Here are some of my thoughts about evangelical higher education in light of the Larcyia Hawkins case at Wheaton College. I pitched it a few places, but no one seemed to want it. My opinions here are solely my own. Regular readers at The Way of Improvement Leads Home will find some of this stuff familiar–JF
It has been a few years since I taught Messiah College first-year students in our “Created and Called for Community” course. The course begins with Genesis 1 where we read of God speaking his word into the darkness which covered the face of the earth. He said “let there be light,” and there was light. He then went on to create the water, land, plant life, the universe, and all living creatures. His greatest creation, of course, was human beings. Genesis 1:26-27 reminds our students that women and men are the highest form of God’s creation as they were created in His image.
“And God saw that it was good.”
I like to think of these first days of the Created and Called for Community course as a fitting introduction to a Christian liberal arts education. Students learn that all of their fellow human beings have dignity, worth, and value because of the doctrine of Imago Dei.
As a historian and a Christian. I am especially appreciative of this aspect of Messiah College’s curriculum. Historians, after all, are a very earthy bunch. We are in the business of studying human beings. The Imago Dei reminds us that the human beings we study have a very special identity, independent of their actions and behavior. While people have been created with freedom, and are thus capable of performing villainous or sinful acts, even the most despicable human subjects bear the image of God and thus have inherent value in his eyes.
If life is indeed sacred and valuable, then Christians have a responsibility to celebrate and protect it. Scholars debate the way a belief in Imago Dei should be applied in our lives, but most would agree that it serves as a foundation for Christian social teaching and, by extension, a Christian education. I want the students in my history courses to know that all the voices of the people we encounter in the past count in the stories we tell in the classroom, on the printed page, on the Internet, and in museums and other historical sites.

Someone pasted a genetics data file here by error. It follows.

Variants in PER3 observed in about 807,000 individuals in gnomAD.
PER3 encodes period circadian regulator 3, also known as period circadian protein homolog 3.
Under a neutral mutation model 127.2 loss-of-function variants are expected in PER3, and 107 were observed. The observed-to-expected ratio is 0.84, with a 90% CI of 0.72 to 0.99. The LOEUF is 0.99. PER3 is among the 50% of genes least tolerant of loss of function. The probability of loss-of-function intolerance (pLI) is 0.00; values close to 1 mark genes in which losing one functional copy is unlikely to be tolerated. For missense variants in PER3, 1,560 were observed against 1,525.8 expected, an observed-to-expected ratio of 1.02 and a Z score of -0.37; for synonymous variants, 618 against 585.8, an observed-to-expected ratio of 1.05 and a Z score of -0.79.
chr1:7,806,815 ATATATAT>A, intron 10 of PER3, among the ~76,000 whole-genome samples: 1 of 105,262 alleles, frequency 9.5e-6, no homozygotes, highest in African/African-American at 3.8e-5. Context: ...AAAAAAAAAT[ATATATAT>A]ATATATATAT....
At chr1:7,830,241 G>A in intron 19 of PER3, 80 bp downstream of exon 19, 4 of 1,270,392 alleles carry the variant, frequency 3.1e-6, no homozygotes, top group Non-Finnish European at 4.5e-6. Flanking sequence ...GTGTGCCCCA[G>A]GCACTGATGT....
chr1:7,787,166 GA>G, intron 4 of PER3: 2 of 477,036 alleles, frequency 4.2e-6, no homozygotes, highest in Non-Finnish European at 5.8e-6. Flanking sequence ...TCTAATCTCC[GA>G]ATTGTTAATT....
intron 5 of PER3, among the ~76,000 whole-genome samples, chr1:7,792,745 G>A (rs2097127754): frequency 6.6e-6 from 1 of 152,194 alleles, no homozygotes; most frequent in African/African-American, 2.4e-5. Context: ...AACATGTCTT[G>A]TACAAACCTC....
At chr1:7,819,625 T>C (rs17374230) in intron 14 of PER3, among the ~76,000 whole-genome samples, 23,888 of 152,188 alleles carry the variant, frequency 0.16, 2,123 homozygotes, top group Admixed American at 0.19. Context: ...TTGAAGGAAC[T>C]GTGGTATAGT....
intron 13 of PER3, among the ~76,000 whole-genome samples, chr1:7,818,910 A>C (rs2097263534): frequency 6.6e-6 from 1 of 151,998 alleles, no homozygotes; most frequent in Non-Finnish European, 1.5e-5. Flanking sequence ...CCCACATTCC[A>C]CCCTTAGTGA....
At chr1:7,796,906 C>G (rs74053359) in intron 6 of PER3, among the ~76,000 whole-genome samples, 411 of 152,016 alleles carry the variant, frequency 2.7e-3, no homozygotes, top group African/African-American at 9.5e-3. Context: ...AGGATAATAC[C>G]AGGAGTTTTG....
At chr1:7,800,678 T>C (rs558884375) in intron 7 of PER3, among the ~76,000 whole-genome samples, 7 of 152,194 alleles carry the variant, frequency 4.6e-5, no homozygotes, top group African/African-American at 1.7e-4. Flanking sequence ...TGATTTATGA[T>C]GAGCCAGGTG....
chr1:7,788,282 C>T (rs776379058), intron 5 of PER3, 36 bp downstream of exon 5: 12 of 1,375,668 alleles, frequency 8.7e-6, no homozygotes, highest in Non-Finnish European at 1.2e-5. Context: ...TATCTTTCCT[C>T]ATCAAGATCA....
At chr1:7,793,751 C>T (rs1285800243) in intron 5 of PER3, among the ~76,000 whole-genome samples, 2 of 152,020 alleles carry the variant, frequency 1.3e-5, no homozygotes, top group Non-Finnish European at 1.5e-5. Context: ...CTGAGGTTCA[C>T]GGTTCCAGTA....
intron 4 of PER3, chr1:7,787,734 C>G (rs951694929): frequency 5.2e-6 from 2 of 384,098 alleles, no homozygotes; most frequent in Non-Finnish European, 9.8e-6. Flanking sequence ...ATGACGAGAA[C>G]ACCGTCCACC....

In case you have not heard, Hawkins is a political science professor at Wheaton, the Chicago-area school that many consider American evangelicalism’s flagship institution of higher education. Last December Hawkins decided to wear a hijab during the Advent season to show solidarity with her Muslim neighbors. It was a compassionate, even Christ-like gesture that at least one Wheaton alumnus believes was fitting with the college’s nineteenth-century commitment to social justice.
But when Hawkins claimed that Muslims and Christians worship the same God she apparently went too far. The Wheaton administration has placed her on leave, threatened to take away her tenure, and has decided to move to terminate her employment at the college.
After listening to Hawkins speak in a video posted by The Chicago Tribune it seems that her decision to wear the hijab and acknowledge the common monotheistic ancestry of Christians and Muslims was a direct expression of her evangelical faith. Think about it. How many political science professors in the United States engage in what Hawkins calls “Advent worship?” Better yet, how many evangelical Christians–the kind of folks who could sign Wheaton’s statement of faith–participate in “Advent worship?” On this front, Hawkins appeared to be a model faculty member.
Of course the leadership of Wheaton College has every right to draw theological boundaries as they see fit. If we believe in religious liberty we must defend the college’s right to terminate Hawkins, whether we agree with the decision or not. But this entire case does offer some interesting opportunities to think about the identity of Christian colleges.
I imagine that there are a lot of evangelical colleges and universities who would have responded to Hawkins’s Advent worship in a similar fashion as Wheaton. But not all Christian colleges are alike. I would hope that any administrators at Christian colleges would take Imago Dei seriously, but they would not all apply this doctrine in the same way amid the day-to-day life of their institutions.